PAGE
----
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  • Surviving
  • Laura Julier

Every time I return to Iowa City to visit friends or do research, as I did just this past Thanksgiving, I make sure to drive out of town, south along a road lined with light industrial buildings, grain silos, trailer parks, overgrown train tracks, and a tiny airport built in World War II but little used now except on football weekends. I turn left, then left again, and then again, taking two-lane roads named Old Something-or-other, supplanted now by interstates. I’m following several bends in the Iowa River that appear and disappear, then appear again on plat maps on file in the Johnson County auditor’s office.

I follow the river on dirt roads to a cabin I once lived in for periods of time on and off over several years. I go because I need to check out what’s there now, what’s changed, what new bends and curves the floods have carved, what the year’s rainfall has brought to the wetlands, what new construction, what abandonment. I drive too slowly for the trucks carrying landfill, bumbling back and forth on the road, and I remember.

I remember that every day for months at a time, I sat at a desk in front of a window facing the river. Days that were gray. Days when the wind was almost visible, whipping around and through the channel, over the housetop, banging doors and carrying red-tailed hawks and vultures and bald eagles aloft in swirls. Days that were warm and cloudless, when the river was green-blue from the sky. Every day early in fall, whenever I looked up, great blue herons were there, stalking the opposite bank, flying low downstream, or up, or perched motionless across the river, half-hidden in a thicket.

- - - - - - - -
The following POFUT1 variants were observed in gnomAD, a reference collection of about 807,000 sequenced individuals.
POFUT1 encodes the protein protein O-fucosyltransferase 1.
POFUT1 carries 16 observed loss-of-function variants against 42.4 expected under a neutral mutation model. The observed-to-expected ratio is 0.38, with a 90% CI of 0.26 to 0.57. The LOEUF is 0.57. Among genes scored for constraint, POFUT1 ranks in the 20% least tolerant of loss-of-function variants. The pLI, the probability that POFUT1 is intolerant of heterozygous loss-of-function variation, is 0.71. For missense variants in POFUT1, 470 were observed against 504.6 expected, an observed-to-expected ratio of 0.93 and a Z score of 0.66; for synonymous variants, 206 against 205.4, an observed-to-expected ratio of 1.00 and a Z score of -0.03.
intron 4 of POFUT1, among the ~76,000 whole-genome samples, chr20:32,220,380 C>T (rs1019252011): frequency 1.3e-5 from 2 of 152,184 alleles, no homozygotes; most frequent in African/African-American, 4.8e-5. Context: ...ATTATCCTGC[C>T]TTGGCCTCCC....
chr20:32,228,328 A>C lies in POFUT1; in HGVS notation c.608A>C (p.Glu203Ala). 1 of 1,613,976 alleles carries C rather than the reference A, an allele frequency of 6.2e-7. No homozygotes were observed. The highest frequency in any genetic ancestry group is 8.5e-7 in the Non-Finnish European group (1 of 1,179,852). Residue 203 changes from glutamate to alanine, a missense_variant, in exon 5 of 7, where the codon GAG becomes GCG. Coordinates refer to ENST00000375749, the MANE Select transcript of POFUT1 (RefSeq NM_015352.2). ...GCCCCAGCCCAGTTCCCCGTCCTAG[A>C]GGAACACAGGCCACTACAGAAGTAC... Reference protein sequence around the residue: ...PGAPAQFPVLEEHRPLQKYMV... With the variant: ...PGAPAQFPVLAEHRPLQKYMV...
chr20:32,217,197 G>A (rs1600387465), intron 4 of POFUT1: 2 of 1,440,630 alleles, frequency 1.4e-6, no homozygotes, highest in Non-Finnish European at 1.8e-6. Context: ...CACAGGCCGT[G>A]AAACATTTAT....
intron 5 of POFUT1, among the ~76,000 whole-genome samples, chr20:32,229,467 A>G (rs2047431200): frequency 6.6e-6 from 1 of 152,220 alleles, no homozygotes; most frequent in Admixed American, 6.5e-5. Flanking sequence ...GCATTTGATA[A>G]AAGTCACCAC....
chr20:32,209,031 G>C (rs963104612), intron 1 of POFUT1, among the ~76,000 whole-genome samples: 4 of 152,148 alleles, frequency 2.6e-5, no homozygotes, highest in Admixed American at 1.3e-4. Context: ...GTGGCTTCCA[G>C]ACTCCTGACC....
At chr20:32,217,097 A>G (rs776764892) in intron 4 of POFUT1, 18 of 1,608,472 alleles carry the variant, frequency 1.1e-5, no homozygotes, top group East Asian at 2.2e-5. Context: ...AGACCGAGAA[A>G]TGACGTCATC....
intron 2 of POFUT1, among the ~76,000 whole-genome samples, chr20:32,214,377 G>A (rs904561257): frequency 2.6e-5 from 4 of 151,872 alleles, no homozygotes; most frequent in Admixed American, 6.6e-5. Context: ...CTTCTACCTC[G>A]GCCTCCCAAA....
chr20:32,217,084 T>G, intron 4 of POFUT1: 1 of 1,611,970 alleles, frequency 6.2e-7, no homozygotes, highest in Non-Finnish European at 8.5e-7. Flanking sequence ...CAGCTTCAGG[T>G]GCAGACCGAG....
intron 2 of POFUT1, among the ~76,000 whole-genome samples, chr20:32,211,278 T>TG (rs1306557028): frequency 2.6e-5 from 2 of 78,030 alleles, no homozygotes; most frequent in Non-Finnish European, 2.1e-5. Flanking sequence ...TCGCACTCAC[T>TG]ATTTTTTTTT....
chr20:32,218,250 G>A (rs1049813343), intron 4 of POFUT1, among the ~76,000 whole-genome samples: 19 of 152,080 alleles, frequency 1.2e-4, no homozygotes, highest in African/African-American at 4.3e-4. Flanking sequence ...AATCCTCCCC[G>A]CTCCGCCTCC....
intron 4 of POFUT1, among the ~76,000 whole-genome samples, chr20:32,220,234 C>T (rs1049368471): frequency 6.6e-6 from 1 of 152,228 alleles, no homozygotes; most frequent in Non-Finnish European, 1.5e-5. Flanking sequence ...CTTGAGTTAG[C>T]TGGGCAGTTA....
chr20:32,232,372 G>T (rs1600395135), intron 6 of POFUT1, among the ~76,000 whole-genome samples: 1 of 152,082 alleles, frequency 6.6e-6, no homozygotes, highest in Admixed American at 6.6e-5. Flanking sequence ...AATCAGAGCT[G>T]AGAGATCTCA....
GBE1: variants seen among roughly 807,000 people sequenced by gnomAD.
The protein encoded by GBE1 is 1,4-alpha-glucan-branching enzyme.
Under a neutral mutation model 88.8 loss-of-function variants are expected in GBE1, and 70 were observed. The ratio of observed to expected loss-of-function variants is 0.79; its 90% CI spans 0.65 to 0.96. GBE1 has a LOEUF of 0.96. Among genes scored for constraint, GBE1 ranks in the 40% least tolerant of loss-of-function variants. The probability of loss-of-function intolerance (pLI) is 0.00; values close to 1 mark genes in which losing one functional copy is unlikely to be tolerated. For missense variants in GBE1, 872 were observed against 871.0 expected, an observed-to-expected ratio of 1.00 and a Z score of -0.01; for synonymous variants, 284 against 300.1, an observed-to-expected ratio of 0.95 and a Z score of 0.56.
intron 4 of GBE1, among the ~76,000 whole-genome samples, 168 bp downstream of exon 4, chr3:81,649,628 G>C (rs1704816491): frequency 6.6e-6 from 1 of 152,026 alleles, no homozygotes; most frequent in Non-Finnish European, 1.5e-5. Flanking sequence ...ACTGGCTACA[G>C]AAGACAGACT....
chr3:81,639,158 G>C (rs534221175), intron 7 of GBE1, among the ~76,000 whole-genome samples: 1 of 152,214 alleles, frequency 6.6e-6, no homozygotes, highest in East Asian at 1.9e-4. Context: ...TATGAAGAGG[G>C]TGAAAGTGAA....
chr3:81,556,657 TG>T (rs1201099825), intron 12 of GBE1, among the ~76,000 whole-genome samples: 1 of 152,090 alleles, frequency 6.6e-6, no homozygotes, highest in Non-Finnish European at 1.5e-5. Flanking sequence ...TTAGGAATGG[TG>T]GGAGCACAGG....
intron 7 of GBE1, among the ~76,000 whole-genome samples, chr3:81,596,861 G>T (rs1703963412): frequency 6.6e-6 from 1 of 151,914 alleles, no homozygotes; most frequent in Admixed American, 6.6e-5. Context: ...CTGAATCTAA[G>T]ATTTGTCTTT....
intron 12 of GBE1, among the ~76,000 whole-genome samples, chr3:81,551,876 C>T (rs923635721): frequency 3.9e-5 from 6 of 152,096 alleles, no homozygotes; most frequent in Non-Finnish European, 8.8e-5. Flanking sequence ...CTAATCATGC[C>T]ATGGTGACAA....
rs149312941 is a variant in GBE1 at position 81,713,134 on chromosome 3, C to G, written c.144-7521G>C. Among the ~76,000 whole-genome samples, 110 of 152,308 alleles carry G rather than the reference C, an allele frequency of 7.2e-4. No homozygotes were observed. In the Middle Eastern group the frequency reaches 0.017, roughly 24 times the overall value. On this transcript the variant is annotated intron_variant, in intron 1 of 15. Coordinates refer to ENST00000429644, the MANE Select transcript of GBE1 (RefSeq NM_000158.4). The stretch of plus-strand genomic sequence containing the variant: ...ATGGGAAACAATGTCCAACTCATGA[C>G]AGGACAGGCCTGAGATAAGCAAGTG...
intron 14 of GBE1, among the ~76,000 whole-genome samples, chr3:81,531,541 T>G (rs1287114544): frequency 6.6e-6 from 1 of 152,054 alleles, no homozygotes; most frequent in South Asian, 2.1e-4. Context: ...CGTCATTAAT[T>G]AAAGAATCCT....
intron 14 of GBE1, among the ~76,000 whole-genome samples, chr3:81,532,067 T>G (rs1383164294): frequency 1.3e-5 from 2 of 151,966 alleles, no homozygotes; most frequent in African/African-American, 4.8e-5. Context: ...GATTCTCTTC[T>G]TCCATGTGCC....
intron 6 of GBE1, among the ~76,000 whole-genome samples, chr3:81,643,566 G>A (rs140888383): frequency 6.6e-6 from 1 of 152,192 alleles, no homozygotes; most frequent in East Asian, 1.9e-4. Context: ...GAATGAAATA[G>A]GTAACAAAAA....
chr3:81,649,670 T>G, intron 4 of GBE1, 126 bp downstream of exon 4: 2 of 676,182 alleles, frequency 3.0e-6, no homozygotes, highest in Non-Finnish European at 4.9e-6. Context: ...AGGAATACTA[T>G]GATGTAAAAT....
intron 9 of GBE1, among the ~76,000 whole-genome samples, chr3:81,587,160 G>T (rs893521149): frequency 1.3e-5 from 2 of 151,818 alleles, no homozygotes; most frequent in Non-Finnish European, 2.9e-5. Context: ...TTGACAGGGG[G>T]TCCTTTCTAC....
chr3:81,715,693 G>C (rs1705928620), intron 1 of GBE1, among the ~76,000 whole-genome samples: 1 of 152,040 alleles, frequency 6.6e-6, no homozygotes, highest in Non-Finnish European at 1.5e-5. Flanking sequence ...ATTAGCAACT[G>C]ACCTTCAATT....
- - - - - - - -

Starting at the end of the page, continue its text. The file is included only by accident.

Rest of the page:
One late fall day, I looked up from that desk and my eye was caught by [End Page v] first one, then another very, very large bird lumbering out of the sumac on the opposite sandy bank. As the first wild turkey reached water’s edge, others emerged one by one, and without a pause took flight, heading not up but right at my window and me. I involuntarily ducked as they barely skimmed the low roof. I turned quickly and saw them all land in the drive and without hesitation start walking into the grass, then the short undergrowth, then back towards the woods and road, until finally they were gone.

A few times I looked up from the desk to find a wide V moving downstream. A muskrat, I think, or maybe a river otter. Without binoculars at my side, it was hard to tell.

One afternoon I was standing on the deck that hung over the riprap and the river’s rocky edge. I was thinking about the day’s writing work ahead of me. Two herons flew by at eye’s height, following the river, and as they passed, one then the next dropped a glob of whitish, greenish excrement. I watched it spread and drift, organic matter returning to fertilize or feed some other part of the river’s ecology.

But every day also floating past me on that river was crap. Sometimes it was dinner-plate-sized patches of bubbly white sludge or mold—something unclean and nasty. I saw pop cans and plastic bags, tree limbs and flotillas of lumber, masses of brown leaves as if someone had dumped a truckful, mounded gobs of brown and ivory foam, pieces of cloth and paper, and once what I’m sure was the decomposing body of an animal. There was one day the parade went on for so long that I was ready to get up and walk down the road, sure I would find someone unloading a pickup or semi. And that’s just the stuff I could see. I know there was more that entered the river upstream, farm runoff and probably also some industrial dumping. I have watched the river over months and years now, and wondered how the wildlife that live there can survive it.

The stories I hear these days—from friends, from people who are introduced...


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